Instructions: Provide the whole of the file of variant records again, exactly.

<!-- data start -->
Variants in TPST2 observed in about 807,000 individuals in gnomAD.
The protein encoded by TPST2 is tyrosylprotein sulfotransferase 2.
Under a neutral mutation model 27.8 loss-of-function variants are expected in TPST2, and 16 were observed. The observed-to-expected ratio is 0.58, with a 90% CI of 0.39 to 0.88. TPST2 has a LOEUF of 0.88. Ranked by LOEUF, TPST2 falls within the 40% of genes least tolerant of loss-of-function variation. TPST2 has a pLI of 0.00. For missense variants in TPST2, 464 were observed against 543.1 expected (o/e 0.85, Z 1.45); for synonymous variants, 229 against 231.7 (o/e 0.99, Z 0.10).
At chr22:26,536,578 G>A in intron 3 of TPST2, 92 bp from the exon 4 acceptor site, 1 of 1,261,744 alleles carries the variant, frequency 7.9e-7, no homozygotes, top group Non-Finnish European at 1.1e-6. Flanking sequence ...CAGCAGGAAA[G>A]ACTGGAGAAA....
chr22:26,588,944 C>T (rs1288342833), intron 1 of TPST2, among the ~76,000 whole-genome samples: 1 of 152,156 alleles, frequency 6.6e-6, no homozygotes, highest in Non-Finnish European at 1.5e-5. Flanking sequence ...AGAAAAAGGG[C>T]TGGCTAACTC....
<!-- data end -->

Variants in TPST2 observed in about 807,000 individuals in gnomAD.
The protein encoded by TPST2 is tyrosylprotein sulfotransferase 2.
Under a neutral mutation model 27.8 loss-of-function variants are expected in TPST2, and 16 were observed. The observed-to-expected ratio is 0.58, with a 90% CI of 0.39 to 0.88. TPST2 has a LOEUF of 0.88. Ranked by LOEUF, TPST2 falls within the 40% of genes least tolerant of loss-of-function variation. TPST2 has a pLI of 0.00. For missense variants in TPST2, 464 were observed against 543.1 expected (o/e 0.85, Z 1.45); for synonymous variants, 229 against 231.7 (o/e 0.99, Z 0.10).
At chr22:26,536,578 G>A in intron 3 of TPST2, 92 bp from the exon 4 acceptor site, 1 of 1,261,744 alleles carries the variant, frequency 7.9e-7, no homozygotes, top group Non-Finnish European at 1.1e-6. Flanking sequence ...CAGCAGGAAA[G>A]ACTGGAGAAA....
chr22:26,588,944 C>T (rs1288342833), intron 1 of TPST2, among the ~76,000 whole-genome samples: 1 of 152,156 alleles, frequency 6.6e-6, no homozygotes, highest in Non-Finnish European at 1.5e-5. Flanking sequence ...AGAAAAAGGG[C>T]TGGCTAACTC....